The many health perks of coffee
The Kansas City Star, Mo.
Jan. 28--James O'Keefe is a cardiologist who specializes in heart disease prevention, a positive guy who often must deliver a downer message.
Stop smoking. Careful with the alcohol. Cut back on sugar and starches. Lose weight.
Yep, lots of things you like aren't good for you. So O'Keefe is starting to enjoy this new message: You like coffee? Great. Drink up!
For years, doctors worried about coffee's stimulant effect, a seemingly bad deal for blood pressure and pulse rate. Logical, right? But the science is concluding otherwise.
"It's fun to say, 'You can drink coffee, and probably more is better,'" says O'Keefe, with St. Luke's Health System.
O'Keefe and colleagues reviewed some of the latest and largest studies on the health effects of coffee, "one of the most widely consumed pharmacologically active beverages across the world." They reported their findings in a recent issue of Missouri Medicine, the journal of the Missouri State Medical Association.
Uh-oh. Here we go again. More medical studies that jerk us from one conclusion to its opposite, right?
That yo-yo feeling prompted Robert J. Davis, editor of everwell.com and author of "The Healthy Skeptic," to write a book, released this month, about food health claims.
Coffee is the first topic in the first chapter, and his analysis provided the book's title, "Coffee Is Good for You."
"Often we only hear about the latest study, or somebody takes one study out of context," says Davis, who looked at more than 60 claims. "I wanted to analyze all the evidence."
Davis says the science now shows that coffee is not bad for you, and in fact it's associated with a lower risk of certain diseases -- with some caveats.
"In the case of coffee, enough big studies over several decades make the healthy claims believable," he says.
Coffee starts with the beans, of course, which get roasted and ground. Once coffee is brewed, you end up with a cup of hot water -- and what?
Various oils and acids, including caffeine: These are rich sources of antioxidants, which provide a host of health benefits, O'Keefe says.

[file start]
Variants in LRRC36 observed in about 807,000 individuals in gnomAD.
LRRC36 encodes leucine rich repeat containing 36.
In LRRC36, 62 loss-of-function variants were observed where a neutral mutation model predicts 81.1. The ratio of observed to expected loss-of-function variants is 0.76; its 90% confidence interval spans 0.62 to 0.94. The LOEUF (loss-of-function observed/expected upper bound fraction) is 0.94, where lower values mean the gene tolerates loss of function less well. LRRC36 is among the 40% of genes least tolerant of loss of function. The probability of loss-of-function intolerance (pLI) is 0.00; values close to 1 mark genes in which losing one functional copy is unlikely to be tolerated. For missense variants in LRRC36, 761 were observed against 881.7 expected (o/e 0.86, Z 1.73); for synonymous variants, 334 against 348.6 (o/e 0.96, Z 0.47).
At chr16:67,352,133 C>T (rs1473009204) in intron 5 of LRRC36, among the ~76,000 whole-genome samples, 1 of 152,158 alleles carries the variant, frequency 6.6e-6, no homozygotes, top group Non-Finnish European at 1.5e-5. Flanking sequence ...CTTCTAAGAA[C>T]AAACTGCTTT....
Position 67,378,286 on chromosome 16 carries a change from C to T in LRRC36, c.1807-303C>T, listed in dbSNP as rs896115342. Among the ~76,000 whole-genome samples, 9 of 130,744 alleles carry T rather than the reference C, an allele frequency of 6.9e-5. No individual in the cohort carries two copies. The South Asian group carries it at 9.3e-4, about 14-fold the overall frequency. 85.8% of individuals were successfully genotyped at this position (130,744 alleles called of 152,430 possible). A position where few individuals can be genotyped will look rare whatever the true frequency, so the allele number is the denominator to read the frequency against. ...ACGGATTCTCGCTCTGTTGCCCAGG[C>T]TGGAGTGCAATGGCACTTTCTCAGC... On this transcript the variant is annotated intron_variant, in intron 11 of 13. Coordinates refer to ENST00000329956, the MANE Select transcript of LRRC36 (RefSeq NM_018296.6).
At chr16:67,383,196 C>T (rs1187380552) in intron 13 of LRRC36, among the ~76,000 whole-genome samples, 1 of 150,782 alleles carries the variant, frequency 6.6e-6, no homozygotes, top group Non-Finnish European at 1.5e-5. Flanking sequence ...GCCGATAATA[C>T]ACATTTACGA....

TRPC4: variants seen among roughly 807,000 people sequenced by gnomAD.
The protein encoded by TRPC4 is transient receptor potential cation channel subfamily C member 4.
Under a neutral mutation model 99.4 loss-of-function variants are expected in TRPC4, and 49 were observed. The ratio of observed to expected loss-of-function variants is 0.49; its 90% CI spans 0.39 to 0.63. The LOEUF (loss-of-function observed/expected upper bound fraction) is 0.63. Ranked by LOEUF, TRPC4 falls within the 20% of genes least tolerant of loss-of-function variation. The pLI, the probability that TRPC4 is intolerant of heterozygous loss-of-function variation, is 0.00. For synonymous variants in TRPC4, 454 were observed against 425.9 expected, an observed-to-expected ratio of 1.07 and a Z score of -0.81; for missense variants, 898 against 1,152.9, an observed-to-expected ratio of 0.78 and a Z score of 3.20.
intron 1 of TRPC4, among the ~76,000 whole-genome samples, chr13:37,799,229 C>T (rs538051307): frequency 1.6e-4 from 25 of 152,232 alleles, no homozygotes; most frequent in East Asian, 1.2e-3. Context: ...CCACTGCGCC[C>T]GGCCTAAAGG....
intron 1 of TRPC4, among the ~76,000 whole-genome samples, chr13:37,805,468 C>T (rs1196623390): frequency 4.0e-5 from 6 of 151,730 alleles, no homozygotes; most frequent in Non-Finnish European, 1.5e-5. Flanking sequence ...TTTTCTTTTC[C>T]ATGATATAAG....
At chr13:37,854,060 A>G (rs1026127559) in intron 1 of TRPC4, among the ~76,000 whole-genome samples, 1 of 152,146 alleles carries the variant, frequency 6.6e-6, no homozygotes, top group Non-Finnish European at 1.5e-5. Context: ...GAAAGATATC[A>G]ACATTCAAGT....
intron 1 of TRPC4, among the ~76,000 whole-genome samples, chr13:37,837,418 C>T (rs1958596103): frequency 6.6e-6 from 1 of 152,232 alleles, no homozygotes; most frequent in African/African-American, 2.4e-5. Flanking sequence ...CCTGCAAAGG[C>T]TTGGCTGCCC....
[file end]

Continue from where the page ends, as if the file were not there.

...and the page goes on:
Compounds in coffee increase insulin sensitivity and reduce inflammation -- you want both of these things. And they boost metabolism while delivering no calories. (Yes, this article is about plain coffee, not coffee specialty drinks or even regular coffee loaded with cream and sugar.)
While years of research haven't completely quieted heart concerns, coffee-drinking appears to be at least neutral in relation to most issues of coronary heart disease and the risks of heart failure and stroke.
Caffeine can temporarily boost heart rate and blood pressure, but for most people that doesn't result in long-term increases. And many who feel jittery or anxious when they start drinking caffeinated beverages find that such effects decrease as they get accustomed to the caffeine.
Still, some people are very sensitive to caffeine. O'Keefe thinks he is, and so he has never been a coffee drinker. But after digesting the data about coffee, he decided to drink more green tea, which has antioxidant benefits and caffeine, although in smaller amounts.
"The more green tea I've been drinking, the more I've gotten acclimated to the caffeine myself," he says.
Lots of folks drink coffee because they enjoy it and like the caffeine boost, particularly in the morning. But many endurance athletes and those who run and bike drink coffee for the jolt it provides before they exercise. One study showed that more than two-thirds of about 20,000 Olympic athletes had caffeine in their urine, particularly cyclists and triathletes. (It's legal.)
Caffeine apparently increases fatty acids in the bloodstream, which help people run and cycle longer distances. But less was known about how caffeine affects other sports and fitness activities, such as soccer and weightlifting.
A recent study from Coventry University in England found that men performing a weight-training regimen were less tired during the routine, could complete more repetitions and were less exhausted later with caffeine before the exercise than without.
And a study reported recently in the Journal of Applied Physiology showed that participants in a workout that simulated soccer or basketball performed 16 percent better with caffeine.
To reach Edward M. Eveld, call 816-234-4442 or send email to firstname.lastname@example.org.
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